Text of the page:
We will have to provide good examples, for at present our bad example is spreading in the minds of the people like poison. When we speak of righteousness, people will look at our practical life. When we preach about what Guru Gobind Singh says, people will surely look at our own lives. Not only will they look at that time; they will keep on looking at us. In those places which are the sources of dharam, we especially need to set a good example. We are not to lecture about Khalsa and keep committing the same offenses. The greater a person’s responsibilities, the more essential it is that he put his house in order, eat only from his own earnings, and bring home only his own earnings. It is illegal for us to bring others’ things to our house. Charity is poison itself. Guru Nanak says, “Hak paraea Nanaka us suar us gae—Oh Nanak, what does not belong to you is like the flesh of a pig for Muslims or of a cow for Hindus.” [GGS 141]

What should be increased is love for others, coming together in love. If you become angry in your gurdwaras, control your anger. Control your anger everywhere, for “Khalsa krod tiagay—Khalsa renounces anger.” Guru Gobind Singh has told us to renounce anger, but instead we are overcome by it. Our criticizing of others has also overpowered us. Sometimes we tell lies, sometimes we lose our good character, sometimes we grab the rights of others. We should forsake all these faults.

Once we have done so, then we need not ask what will happen to Sikhism in the future, or what happened in the past. What we have will remain for time immemorial. Over the ages, it will not be destroyed. It will never decrease, in any period, and in some period it will increase.

Now it is necessary for us to act. There are so many large gatherings, so many largescale recitations of scripture, long lines of Akhand Paths, but why don’t people change their lives? As Guru Nanak has said, “Likh likh parhaia, teta karhia, parhe sune kiya hoi, jo sahaj no milio soi—What will come of reading and listening if you have not met Him naturally? The more you read, the more you are engulfed.” [GGS 467, 655] Therefore, let us all start working to become Khalsa. The power of Khalsa is within us. This power does exist.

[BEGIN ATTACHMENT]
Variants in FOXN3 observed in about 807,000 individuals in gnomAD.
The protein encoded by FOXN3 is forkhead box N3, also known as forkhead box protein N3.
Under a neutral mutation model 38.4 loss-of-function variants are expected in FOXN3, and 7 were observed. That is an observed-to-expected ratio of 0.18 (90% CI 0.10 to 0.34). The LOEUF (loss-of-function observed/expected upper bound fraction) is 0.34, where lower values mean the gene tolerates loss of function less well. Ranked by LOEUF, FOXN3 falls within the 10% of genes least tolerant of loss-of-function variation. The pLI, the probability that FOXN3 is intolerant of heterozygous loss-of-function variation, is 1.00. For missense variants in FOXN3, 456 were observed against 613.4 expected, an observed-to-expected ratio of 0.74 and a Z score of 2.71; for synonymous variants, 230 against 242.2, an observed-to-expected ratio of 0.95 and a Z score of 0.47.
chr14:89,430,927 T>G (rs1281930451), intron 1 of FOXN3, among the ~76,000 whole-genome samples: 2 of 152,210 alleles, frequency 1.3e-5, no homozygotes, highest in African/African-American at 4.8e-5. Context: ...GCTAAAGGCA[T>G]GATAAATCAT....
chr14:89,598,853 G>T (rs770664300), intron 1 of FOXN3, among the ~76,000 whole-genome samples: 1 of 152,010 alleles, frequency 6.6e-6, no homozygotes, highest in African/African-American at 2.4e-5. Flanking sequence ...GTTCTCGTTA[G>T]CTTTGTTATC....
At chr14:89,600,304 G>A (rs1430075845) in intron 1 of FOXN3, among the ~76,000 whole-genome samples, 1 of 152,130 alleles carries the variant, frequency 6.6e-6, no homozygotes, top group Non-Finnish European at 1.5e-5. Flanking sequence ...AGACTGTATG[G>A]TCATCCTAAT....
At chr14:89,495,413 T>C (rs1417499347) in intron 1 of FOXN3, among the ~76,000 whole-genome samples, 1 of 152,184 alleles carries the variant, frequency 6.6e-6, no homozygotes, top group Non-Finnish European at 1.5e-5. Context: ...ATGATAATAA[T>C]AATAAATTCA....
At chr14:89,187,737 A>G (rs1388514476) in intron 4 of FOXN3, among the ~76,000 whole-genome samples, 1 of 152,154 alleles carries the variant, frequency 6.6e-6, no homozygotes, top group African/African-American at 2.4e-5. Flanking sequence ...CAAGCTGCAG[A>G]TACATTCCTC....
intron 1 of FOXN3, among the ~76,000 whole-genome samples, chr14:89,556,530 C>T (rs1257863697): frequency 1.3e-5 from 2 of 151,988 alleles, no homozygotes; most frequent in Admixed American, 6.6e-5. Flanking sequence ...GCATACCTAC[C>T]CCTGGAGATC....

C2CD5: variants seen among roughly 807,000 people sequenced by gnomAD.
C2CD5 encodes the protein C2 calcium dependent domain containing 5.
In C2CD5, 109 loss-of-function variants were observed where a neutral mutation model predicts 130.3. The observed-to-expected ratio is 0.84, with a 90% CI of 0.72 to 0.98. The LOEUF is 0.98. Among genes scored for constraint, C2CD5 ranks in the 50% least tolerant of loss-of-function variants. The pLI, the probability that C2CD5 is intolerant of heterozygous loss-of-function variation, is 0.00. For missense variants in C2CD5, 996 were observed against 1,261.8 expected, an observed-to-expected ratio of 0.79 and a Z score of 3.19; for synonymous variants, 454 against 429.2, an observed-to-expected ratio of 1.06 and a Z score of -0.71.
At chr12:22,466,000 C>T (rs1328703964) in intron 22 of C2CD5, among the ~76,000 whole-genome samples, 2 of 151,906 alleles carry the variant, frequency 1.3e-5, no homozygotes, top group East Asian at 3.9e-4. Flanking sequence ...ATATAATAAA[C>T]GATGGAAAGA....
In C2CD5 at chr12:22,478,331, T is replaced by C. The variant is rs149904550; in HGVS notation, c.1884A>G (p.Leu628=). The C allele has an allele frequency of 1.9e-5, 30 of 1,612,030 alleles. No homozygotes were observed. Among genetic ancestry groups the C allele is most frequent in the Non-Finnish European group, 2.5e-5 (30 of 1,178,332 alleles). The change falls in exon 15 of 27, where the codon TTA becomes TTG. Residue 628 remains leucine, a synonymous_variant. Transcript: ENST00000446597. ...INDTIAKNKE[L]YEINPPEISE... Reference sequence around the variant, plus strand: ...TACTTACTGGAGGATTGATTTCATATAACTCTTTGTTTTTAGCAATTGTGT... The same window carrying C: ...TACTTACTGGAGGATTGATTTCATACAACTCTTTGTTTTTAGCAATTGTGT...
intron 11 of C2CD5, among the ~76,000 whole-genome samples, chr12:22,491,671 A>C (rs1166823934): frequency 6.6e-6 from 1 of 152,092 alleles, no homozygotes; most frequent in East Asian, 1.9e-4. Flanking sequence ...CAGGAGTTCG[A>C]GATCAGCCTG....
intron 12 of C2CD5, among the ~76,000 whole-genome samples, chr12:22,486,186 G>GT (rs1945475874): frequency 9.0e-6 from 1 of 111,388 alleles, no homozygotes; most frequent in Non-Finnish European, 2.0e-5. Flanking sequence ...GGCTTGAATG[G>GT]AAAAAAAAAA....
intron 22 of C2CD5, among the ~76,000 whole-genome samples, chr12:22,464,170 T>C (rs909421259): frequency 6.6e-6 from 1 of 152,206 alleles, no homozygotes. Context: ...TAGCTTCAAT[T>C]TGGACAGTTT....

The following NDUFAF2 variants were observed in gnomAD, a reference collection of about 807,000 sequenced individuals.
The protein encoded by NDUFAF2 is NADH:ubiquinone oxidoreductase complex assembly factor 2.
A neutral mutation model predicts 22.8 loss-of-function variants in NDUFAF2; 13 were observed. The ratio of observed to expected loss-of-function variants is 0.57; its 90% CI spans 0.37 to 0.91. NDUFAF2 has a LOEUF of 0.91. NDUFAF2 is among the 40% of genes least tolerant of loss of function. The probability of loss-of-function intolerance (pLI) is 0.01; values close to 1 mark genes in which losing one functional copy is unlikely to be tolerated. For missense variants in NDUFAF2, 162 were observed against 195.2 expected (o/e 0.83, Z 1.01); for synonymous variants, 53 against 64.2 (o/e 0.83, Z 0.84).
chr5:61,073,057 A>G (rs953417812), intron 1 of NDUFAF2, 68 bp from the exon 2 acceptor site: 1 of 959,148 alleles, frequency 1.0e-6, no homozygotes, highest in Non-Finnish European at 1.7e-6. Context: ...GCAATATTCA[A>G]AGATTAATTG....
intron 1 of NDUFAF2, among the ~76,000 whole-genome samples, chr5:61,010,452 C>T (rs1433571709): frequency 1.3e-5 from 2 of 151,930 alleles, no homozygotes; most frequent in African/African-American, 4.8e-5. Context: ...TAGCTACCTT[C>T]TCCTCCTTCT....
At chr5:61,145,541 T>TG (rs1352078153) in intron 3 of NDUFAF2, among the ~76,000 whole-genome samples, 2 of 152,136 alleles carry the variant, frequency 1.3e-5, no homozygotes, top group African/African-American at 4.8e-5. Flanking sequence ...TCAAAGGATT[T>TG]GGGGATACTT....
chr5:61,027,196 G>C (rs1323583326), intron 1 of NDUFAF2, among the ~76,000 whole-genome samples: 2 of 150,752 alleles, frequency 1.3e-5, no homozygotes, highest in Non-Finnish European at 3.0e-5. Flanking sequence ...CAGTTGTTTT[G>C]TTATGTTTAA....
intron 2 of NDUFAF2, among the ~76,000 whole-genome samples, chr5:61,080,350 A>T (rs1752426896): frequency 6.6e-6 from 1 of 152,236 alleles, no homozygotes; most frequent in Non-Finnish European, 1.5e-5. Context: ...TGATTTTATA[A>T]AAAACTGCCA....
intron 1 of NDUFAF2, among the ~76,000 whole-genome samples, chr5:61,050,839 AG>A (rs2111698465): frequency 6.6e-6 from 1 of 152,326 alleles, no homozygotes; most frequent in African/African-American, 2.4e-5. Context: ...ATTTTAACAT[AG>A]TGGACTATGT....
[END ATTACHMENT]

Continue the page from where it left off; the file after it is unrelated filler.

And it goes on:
Mahan Singh acted upon the teachings and thus became who he was. Daya Singh acted upon the teachings and thus became who he was. Maharaj Guru Gobind Singh spoke of Five Beloved Ones. He did not say, “All have become beloved ones.” Only a person who obeys the commandments, who always keeps the orders in mind, is a beloved one.

Now people are grabbing property illegally, telling lies and losing their morals, and at the same time they are taking amrit. They are taking amrit, and at the same time they are quarreling. Where are they quarreling? At our holy places, the house of our Guru. You must therefore control these things now.
The second issue is what will become of Sikhs in the future? Sikhs will always excell if they continue following the Guru. The commandment of the Guru is very powerful. In the Guru’s hukam there is Light, Light, Light.
I will say firmly that Sikh religion is not a confining circle, not a boundary. It is the enlightened wisdom of the cosmos. So long as the cosmos remains, this enlightened wisdom will remain. But some Sikhs have taken the position that they think no one is special except themselves. Thereafter, there have been conflicts. Instead, win the minds of the people. Guru Nanak and Guru Gobind Singh won the minds of the people with their enlightened wisdom. They never said anything which they did not practice. Therefore we should all follow their commandments. The blessing of Guru Gobind Singh is within us. People will believe whatever we say about Guru Gobind Singh. At present we do not believe ourselves; how can others believe?